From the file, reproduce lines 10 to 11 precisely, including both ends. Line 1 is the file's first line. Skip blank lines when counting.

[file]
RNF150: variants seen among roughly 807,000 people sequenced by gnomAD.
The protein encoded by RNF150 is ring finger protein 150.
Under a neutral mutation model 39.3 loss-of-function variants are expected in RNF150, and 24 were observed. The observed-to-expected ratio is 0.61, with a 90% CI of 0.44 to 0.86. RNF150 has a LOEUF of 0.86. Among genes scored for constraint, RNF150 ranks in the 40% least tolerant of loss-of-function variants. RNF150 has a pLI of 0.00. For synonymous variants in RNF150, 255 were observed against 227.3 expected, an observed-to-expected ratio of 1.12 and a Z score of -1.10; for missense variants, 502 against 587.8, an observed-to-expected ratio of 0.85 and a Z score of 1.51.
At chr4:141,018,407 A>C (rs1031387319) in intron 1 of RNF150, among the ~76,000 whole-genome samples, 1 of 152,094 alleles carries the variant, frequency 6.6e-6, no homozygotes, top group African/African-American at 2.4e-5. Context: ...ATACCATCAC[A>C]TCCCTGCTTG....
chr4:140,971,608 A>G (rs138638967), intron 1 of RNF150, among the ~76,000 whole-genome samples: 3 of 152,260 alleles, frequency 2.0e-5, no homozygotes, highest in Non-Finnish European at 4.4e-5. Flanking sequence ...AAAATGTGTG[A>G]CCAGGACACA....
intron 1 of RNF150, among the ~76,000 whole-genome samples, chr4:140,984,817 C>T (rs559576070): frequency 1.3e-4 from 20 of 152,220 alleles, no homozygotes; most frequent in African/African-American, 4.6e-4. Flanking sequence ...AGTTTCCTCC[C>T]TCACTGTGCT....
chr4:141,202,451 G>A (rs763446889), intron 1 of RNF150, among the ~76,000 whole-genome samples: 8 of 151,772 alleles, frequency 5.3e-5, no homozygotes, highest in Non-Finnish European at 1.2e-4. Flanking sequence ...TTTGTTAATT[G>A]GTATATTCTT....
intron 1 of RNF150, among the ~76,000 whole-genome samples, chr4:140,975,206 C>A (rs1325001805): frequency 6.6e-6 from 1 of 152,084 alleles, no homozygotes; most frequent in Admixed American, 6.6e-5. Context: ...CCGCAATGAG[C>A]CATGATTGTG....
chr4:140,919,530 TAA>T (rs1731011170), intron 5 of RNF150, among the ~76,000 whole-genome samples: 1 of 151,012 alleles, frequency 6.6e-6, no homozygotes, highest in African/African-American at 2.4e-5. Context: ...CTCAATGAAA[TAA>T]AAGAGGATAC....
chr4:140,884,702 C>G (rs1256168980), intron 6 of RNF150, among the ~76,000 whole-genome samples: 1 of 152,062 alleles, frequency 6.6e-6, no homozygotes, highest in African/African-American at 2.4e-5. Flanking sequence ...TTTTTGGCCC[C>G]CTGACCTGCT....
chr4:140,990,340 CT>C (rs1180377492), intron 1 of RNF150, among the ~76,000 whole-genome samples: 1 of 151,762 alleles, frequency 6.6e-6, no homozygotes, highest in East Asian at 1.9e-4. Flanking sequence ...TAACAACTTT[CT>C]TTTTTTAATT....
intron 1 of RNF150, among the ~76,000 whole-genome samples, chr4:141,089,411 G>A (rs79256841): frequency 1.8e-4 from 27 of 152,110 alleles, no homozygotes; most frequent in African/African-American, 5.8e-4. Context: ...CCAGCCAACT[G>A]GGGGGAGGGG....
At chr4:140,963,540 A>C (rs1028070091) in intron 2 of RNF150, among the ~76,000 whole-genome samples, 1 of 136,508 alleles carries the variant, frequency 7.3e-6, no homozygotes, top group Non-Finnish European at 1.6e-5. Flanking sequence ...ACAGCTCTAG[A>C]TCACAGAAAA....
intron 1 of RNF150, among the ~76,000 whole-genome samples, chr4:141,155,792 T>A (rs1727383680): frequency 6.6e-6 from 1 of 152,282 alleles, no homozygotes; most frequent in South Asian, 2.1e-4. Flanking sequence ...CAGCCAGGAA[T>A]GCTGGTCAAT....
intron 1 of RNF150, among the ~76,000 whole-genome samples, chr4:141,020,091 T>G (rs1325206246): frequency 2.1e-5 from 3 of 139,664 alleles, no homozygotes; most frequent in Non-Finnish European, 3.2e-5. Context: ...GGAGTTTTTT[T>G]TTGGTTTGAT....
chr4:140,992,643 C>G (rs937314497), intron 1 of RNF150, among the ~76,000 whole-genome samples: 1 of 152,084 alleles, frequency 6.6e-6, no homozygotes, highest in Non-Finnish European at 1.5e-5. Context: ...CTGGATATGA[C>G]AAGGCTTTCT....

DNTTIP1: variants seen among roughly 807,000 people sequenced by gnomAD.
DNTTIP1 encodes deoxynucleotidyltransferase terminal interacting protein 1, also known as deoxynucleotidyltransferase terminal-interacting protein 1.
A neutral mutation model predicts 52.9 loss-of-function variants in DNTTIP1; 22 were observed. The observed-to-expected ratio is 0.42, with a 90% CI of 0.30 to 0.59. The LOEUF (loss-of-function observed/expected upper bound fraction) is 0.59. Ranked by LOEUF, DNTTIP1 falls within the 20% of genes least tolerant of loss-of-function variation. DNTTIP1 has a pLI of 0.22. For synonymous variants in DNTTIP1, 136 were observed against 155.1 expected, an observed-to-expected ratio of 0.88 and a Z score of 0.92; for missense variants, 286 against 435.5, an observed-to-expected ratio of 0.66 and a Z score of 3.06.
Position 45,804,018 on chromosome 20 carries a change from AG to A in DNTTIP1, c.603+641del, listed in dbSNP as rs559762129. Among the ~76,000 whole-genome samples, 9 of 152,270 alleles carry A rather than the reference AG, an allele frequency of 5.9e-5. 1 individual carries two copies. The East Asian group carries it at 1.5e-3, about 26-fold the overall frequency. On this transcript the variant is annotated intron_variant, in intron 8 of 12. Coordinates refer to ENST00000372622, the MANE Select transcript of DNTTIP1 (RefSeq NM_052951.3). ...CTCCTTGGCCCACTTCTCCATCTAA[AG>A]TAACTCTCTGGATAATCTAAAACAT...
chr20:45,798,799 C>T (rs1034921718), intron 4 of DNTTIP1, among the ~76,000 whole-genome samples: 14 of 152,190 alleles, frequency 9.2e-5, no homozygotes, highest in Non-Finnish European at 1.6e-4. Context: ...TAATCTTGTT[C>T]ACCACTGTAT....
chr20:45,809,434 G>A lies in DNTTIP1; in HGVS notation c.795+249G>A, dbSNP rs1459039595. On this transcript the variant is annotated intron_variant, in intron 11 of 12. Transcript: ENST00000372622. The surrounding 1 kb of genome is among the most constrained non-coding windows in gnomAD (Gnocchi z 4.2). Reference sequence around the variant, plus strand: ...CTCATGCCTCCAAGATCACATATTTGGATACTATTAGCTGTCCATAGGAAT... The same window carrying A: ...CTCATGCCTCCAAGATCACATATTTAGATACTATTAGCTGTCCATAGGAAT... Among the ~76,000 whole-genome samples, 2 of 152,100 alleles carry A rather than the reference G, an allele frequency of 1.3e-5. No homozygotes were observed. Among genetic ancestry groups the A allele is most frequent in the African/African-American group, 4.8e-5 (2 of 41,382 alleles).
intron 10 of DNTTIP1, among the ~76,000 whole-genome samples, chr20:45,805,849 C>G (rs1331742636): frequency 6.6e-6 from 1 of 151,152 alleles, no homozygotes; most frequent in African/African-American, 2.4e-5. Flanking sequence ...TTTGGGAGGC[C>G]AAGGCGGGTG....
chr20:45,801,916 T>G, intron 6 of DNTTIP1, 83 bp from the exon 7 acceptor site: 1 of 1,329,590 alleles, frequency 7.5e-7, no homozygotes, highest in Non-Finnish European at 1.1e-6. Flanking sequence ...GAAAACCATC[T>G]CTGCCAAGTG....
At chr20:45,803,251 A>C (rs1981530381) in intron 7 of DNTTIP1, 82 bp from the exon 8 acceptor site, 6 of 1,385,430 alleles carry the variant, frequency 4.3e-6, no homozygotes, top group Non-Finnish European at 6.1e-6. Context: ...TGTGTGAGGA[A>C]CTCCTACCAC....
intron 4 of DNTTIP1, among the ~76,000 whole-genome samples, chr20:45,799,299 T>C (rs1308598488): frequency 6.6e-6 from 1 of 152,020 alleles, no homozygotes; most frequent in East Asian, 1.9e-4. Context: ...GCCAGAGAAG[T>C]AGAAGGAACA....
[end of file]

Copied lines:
chr4:140,884,702 C>G (rs1256168980), intron 6 of RNF150, among the ~76,000 whole-genome samples: 1 of 152,062 alleles, frequency 6.6e-6, no homozygotes, highest in African/African-American at 2.4e-5. Flanking sequence ...TTTTTGGCCC[C>G]CTGACCTGCT....
chr4:140,990,340 CT>C (rs1180377492), intron 1 of RNF150, among the ~76,000 whole-genome samples: 1 of 151,762 alleles, frequency 6.6e-6, no homozygotes, highest in East Asian at 1.9e-4. Flanking sequence ...TAACAACTTT[CT>C]TTTTTTAATT....